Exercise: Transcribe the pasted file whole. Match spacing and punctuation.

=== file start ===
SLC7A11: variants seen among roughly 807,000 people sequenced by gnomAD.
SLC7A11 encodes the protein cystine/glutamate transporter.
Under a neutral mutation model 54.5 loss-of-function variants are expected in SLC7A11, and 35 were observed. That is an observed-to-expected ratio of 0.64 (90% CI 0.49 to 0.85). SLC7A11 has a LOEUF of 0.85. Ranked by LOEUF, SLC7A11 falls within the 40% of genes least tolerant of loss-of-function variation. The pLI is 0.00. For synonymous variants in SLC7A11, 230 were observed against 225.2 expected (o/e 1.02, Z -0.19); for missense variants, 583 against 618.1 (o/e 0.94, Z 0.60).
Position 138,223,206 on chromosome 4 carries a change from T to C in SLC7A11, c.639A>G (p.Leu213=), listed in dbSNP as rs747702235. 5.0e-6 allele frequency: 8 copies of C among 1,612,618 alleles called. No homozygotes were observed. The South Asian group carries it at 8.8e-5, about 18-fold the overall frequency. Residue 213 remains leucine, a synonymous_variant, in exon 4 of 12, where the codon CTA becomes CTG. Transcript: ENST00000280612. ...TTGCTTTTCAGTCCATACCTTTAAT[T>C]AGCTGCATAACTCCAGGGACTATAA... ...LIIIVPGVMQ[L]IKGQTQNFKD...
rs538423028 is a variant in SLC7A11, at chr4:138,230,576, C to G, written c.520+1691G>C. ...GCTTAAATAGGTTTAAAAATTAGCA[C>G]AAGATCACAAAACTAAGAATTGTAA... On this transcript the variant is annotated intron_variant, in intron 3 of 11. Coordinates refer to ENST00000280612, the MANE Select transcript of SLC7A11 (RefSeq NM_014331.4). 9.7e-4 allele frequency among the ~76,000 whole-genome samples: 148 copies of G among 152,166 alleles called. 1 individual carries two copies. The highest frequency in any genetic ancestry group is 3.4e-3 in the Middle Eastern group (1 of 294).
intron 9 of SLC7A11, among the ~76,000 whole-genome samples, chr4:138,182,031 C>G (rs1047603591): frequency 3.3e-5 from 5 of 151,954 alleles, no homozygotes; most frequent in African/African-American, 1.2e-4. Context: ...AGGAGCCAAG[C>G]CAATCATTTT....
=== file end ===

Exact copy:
SLC7A11: variants seen among roughly 807,000 people sequenced by gnomAD.
SLC7A11 encodes the protein cystine/glutamate transporter.
Under a neutral mutation model 54.5 loss-of-function variants are expected in SLC7A11, and 35 were observed. That is an observed-to-expected ratio of 0.64 (90% CI 0.49 to 0.85). SLC7A11 has a LOEUF of 0.85. Ranked by LOEUF, SLC7A11 falls within the 40% of genes least tolerant of loss-of-function variation. The pLI is 0.00. For synonymous variants in SLC7A11, 230 were observed against 225.2 expected (o/e 1.02, Z -0.19); for missense variants, 583 against 618.1 (o/e 0.94, Z 0.60).
Position 138,223,206 on chromosome 4 carries a change from T to C in SLC7A11, c.639A>G (p.Leu213=), listed in dbSNP as rs747702235. 5.0e-6 allele frequency: 8 copies of C among 1,612,618 alleles called. No homozygotes were observed. The South Asian group carries it at 8.8e-5, about 18-fold the overall frequency. Residue 213 remains leucine, a synonymous_variant, in exon 4 of 12, where the codon CTA becomes CTG. Transcript: ENST00000280612. ...TTGCTTTTCAGTCCATACCTTTAAT[T>C]AGCTGCATAACTCCAGGGACTATAA... ...LIIIVPGVMQ[L]IKGQTQNFKD...
rs538423028 is a variant in SLC7A11, at chr4:138,230,576, C to G, written c.520+1691G>C. ...GCTTAAATAGGTTTAAAAATTAGCA[C>G]AAGATCACAAAACTAAGAATTGTAA... On this transcript the variant is annotated intron_variant, in intron 3 of 11. Coordinates refer to ENST00000280612, the MANE Select transcript of SLC7A11 (RefSeq NM_014331.4). 9.7e-4 allele frequency among the ~76,000 whole-genome samples: 148 copies of G among 152,166 alleles called. 1 individual carries two copies. The highest frequency in any genetic ancestry group is 3.4e-3 in the Middle Eastern group (1 of 294).
intron 9 of SLC7A11, among the ~76,000 whole-genome samples, chr4:138,182,031 C>G (rs1047603591): frequency 3.3e-5 from 5 of 151,954 alleles, no homozygotes; most frequent in African/African-American, 1.2e-4. Context: ...AGGAGCCAAG[C>G]CAATCATTTT....